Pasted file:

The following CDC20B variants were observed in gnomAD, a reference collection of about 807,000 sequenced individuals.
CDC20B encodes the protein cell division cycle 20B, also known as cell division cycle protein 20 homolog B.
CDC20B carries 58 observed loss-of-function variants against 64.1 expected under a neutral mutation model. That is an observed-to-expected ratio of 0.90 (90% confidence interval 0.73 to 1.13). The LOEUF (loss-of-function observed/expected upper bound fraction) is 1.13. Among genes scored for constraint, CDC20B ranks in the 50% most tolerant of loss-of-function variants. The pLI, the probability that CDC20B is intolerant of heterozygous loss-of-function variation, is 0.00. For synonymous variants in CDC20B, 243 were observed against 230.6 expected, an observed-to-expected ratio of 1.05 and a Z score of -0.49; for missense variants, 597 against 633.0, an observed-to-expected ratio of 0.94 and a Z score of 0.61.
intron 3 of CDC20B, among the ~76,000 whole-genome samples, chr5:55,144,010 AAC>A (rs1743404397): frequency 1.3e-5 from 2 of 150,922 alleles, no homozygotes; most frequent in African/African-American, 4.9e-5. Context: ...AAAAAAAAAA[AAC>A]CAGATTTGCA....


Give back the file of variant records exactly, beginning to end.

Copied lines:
The following CDC20B variants were observed in gnomAD, a reference collection of about 807,000 sequenced individuals.
CDC20B encodes the protein cell division cycle 20B, also known as cell division cycle protein 20 homolog B.
CDC20B carries 58 observed loss-of-function variants against 64.1 expected under a neutral mutation model. That is an observed-to-expected ratio of 0.90 (90% confidence interval 0.73 to 1.13). The LOEUF (loss-of-function observed/expected upper bound fraction) is 1.13. Among genes scored for constraint, CDC20B ranks in the 50% most tolerant of loss-of-function variants. The pLI, the probability that CDC20B is intolerant of heterozygous loss-of-function variation, is 0.00. For synonymous variants in CDC20B, 243 were observed against 230.6 expected, an observed-to-expected ratio of 1.05 and a Z score of -0.49; for missense variants, 597 against 633.0, an observed-to-expected ratio of 0.94 and a Z score of 0.61.
intron 3 of CDC20B, among the ~76,000 whole-genome samples, chr5:55,144,010 AAC>A (rs1743404397): frequency 1.3e-5 from 2 of 150,922 alleles, no homozygotes; most frequent in African/African-American, 4.9e-5. Context: ...AAAAAAAAAA[AAC>A]CAGATTTGCA....